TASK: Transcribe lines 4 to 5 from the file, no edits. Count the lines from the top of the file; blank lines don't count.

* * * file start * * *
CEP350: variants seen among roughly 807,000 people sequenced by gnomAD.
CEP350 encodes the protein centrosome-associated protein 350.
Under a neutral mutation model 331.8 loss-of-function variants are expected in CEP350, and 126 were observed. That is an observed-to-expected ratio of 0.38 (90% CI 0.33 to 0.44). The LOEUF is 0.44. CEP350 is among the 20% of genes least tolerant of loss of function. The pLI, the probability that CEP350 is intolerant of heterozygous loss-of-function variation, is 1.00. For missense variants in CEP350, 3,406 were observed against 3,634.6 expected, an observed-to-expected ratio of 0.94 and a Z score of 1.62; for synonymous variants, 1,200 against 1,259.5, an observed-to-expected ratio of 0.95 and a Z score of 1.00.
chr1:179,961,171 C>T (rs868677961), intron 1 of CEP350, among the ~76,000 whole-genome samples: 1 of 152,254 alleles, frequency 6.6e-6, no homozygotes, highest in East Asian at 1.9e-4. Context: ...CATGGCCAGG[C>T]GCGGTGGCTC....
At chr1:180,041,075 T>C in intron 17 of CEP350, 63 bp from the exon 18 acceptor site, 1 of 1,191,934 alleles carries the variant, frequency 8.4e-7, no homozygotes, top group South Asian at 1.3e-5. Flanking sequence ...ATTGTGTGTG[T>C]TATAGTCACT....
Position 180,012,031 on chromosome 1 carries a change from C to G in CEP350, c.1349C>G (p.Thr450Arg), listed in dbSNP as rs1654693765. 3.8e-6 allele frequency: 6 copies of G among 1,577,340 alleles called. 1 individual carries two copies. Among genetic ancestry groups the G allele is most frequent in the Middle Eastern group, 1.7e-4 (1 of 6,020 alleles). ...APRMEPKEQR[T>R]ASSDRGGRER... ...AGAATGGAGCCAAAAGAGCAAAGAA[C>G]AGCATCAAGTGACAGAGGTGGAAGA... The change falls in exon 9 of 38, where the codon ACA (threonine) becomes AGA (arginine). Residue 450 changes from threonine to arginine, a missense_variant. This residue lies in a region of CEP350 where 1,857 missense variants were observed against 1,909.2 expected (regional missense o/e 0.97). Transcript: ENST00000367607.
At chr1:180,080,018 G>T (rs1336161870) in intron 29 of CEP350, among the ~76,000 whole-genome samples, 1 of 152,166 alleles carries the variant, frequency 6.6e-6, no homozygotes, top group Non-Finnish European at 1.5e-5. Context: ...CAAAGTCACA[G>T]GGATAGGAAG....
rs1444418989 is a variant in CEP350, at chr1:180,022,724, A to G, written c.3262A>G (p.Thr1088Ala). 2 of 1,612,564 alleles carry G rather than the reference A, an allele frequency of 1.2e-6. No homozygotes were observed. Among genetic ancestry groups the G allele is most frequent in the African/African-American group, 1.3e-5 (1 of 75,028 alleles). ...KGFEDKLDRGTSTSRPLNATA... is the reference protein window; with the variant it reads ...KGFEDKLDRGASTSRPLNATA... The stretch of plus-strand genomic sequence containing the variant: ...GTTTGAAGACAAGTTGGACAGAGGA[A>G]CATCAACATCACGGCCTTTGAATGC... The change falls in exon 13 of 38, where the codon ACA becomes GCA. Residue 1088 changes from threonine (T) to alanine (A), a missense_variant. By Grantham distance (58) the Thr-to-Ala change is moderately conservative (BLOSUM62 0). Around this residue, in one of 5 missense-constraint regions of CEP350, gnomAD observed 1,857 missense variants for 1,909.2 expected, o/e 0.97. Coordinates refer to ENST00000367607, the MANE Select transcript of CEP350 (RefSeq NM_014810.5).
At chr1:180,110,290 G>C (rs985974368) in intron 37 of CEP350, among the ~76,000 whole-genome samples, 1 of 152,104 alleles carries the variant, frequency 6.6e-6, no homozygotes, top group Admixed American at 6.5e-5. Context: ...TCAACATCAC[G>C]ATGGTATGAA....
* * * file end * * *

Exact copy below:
chr1:179,961,171 C>T (rs868677961), intron 1 of CEP350, among the ~76,000 whole-genome samples: 1 of 152,254 alleles, frequency 6.6e-6, no homozygotes, highest in East Asian at 1.9e-4. Context: ...CATGGCCAGG[C>T]GCGGTGGCTC....
At chr1:180,041,075 T>C in intron 17 of CEP350, 63 bp from the exon 18 acceptor site, 1 of 1,191,934 alleles carries the variant, frequency 8.4e-7, no homozygotes, top group South Asian at 1.3e-5. Flanking sequence ...ATTGTGTGTG[T>C]TATAGTCACT....